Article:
This article was produced in collaboration with AlterNet and first appeared here.
A broadly-backed initiative to legalize marijuana in the country's most populous state will be on the California ballot in November. The secretary of state's office made it official Tuesday afternoon, certifying that a random sample of more than 600,000 signatures turned in showed there were enough valid signatures to qualify the measure.
California joins Maine and Nevada among states that have qualified marijuana legalization initiatives for the fall ballot. In two more states -- Arizona and Massachusetts -- legalization initiative campaigns are overcoming final hurdles and are almost certain to join them, but a valiant effort in Michigan faces an uphill battle, forced to rely on the courts to overturn a new state law and unfavorable election board rulings.
Marijuana is already legal in four states, voted in by residents in Colorado and Washington in 2012 and Alaska and Oregon in 2014. Washington, DC, approved possession and cultivation, but not a legal marijuana market, that same year.
Seeing more states go green in 2016 is one thing, but California is the Big Enchilada. With a population of 38 million, its market is more than twice the size of all the legal pot states combined, and it represents more than 10% of the entire country. What is currently a legal marijuana industry generating hundreds of millions of dollars in sales will easily tick over into multi-billion dollar territory once California joins in.
And it looks like that's likely to happen. A Probolsky Research poll in February had support for legalization at 59.6%. A Public Policy Institute of California poll in May had support at 55%, but at 60% among likely voters.
Poll numbers like these are encouraging for proponents, but skeptics can point to the failed Proposition 19 effort in 2010, which came up short with 47% of the vote after polling above 50% for months that year.
This year should be different, though. The AUMA has broad support, beginning with charismatic Lt. Gov. Gavin Newsom (D), and including the state Democratic Party, at least three members of the California congressional delegation, a number of state assembly members and other elected officials, the state NAACP, the state ACLU, the California Cannabis Industry Association, and the California Medical Association, as well as prominent figures in law enforcement.
It also has money, and a winning initiative campaign in California will need millions. The AUMA has some deep pockets behind it, including tech billionaire Sean Parker and Weedmaps founder Justin Hartfield, both of whom have dropped million dollar chunks of change into the campaign. The Drug Policy Action Network, the lobbying arm of the Drug Policy Alliance, has also kicked in at least $500,000.
The AUMA's campaign fundraising committee has raised $3.7 million so far this year, which is a good start and dwarfs the amount raised by the opposition Coalition for Responsible Drug Policies, composed of law enforcement and health groups such as the California Police Chiefs Association, the California State Sheriffs Association, and the California Hospital Association. The cops and docs have only managed a paltry $125,000 so far, thanks to donations from groups such as the Association of LA Deputy Sheriffs and the LA County Professional Peace Officers Association.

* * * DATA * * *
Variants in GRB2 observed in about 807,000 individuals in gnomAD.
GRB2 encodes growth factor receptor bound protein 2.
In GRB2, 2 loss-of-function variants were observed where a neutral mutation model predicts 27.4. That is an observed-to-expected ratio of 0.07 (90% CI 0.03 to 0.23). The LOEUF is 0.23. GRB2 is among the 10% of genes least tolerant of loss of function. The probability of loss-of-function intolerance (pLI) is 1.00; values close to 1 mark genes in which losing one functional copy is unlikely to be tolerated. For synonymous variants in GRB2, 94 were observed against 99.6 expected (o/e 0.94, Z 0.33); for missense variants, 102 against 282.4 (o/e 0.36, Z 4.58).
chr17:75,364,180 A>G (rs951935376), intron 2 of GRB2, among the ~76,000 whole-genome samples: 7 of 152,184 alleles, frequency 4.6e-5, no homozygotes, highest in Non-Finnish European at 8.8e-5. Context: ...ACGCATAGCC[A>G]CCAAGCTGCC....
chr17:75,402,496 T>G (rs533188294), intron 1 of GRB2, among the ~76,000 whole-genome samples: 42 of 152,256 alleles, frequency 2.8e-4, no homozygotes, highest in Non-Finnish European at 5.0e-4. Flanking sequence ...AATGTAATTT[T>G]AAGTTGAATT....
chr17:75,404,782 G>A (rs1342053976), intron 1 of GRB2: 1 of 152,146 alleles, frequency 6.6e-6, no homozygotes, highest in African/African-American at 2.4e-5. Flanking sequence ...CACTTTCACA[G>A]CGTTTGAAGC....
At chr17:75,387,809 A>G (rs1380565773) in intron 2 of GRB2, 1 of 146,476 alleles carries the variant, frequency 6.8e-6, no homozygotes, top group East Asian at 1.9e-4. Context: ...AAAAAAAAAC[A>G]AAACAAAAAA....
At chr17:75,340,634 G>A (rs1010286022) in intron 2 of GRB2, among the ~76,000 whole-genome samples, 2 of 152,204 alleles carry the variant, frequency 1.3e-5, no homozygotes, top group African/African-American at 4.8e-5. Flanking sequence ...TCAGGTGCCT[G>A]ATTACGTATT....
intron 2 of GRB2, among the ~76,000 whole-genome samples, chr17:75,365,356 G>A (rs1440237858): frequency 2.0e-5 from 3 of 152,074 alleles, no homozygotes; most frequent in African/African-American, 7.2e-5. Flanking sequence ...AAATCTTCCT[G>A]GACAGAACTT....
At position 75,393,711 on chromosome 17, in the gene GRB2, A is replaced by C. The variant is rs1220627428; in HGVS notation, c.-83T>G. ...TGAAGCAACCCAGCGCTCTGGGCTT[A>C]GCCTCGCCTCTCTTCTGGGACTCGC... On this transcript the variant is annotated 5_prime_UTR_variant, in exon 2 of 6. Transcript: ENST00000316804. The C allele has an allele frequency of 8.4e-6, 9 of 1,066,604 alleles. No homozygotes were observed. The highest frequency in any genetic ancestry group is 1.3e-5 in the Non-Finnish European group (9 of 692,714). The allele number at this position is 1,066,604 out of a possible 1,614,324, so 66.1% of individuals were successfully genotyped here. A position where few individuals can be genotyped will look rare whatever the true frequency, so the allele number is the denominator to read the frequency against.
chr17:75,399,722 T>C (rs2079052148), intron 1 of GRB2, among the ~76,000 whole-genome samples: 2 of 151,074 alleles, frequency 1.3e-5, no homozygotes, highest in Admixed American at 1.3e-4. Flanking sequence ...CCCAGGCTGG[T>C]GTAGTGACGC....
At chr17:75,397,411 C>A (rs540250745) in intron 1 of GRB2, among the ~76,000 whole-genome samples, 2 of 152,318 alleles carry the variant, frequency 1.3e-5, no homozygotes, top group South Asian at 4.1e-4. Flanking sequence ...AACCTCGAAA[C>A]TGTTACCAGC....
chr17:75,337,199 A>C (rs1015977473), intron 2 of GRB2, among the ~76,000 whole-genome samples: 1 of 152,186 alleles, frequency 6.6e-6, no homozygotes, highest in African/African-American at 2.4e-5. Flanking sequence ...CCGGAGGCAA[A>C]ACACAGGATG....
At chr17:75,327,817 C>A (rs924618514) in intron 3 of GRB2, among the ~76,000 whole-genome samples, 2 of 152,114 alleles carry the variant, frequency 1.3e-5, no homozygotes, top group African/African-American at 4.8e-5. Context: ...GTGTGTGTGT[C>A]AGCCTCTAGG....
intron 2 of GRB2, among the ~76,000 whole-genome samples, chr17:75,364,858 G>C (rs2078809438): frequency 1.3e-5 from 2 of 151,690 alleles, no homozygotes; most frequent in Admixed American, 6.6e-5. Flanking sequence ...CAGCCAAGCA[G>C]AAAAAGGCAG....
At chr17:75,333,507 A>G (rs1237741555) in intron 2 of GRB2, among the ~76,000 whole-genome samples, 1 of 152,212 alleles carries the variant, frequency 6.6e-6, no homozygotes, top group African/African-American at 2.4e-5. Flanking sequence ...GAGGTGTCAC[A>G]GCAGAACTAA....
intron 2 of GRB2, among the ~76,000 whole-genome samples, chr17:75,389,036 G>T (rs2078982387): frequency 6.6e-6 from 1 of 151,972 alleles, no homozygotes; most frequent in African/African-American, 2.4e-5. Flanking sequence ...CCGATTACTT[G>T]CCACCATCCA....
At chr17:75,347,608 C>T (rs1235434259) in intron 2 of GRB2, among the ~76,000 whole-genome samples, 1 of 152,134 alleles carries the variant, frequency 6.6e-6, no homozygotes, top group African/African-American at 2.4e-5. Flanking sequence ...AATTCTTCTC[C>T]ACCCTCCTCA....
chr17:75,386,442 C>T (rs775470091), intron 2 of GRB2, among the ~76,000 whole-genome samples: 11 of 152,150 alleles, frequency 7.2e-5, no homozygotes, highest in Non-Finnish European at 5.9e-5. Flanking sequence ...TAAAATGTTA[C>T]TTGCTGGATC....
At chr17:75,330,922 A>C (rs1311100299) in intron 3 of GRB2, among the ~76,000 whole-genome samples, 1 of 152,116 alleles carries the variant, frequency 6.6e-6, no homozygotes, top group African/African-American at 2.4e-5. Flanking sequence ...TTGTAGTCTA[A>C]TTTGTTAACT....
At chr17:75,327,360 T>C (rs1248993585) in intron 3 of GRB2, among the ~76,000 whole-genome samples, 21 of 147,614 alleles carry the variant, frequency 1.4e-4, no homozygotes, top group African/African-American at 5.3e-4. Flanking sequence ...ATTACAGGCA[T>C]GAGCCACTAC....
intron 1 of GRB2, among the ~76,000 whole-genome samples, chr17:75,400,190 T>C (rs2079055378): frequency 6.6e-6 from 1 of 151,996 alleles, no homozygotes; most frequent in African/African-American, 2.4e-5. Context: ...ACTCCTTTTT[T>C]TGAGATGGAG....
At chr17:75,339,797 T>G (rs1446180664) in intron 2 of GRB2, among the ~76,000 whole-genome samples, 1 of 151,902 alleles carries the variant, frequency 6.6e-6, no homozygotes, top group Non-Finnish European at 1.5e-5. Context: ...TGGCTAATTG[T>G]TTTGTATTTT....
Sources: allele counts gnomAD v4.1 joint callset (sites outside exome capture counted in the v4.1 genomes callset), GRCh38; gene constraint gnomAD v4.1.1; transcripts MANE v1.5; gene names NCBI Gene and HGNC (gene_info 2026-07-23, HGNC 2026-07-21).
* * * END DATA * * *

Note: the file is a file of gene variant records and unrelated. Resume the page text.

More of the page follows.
And it isn't 2010 anymore. Since Prop 19 failed, marijuana legalization has now won in every state where it's been on the ballot, and the whole national atmosphere around it seems to have relaxed. And unlike 2010, this is a presidential election year, with higher turnout, especially among young voters, than is seen in off-year elections. The omens are good.
- Adults aged 21+ will be allowed to possess marijuana, and grow small amounts at home for personal use. Sale of marijuana will be legal and highly regulated to protect consumers and kids. [Possession of up to an ounce and cultivation of up to six plants]
- This measure brings California's marijuana market out into the open -- much like the alcohol industry. It will be tracked, controlled, regulated and taxed, and we will no longer be criminalizing responsible adults or incarcerating children.
- Includes toughest-in-the-nation protections for children, our most vulnerable citizens.
- Protects workers, small businesses, law enforcement and local communities.
- According to the independent Legislative Analyst and Governor's Finance Director, these reforms will save the state and local government up to $100 million annually in reduced taxpayer costs -- and raise up to $1 billion in new tax revenues annually.
- Majority of revenues will be allocated to teen drug prevention and treatment, training law enforcement to recognize driving under the influence of drugs, protecting the environment from the harms of illegal marijuana cultivation, and supporting economic development in communities disproportionately impacted by marijuana prohibition.
- AUMA includes strict anti-monopoly provisions and protects small farmers, so California's marijuana industry isn't overrun by mega-corporations.
- The measure builds on the bipartisan legislation signed by Governor Brown to control and regulate California's medical marijuana industry, and is modeled after national best practices, lessons learned from other states, and the recommendations of the Lieutenant Governor's Blue Ribbon Commission on Marijuana Policy.
Whether the AUMA is the best way to go about legalizing marijuana in California is certainly debatable, and it does have its critics within the state's cannabis culture, but this is what's going to be before the voters in November.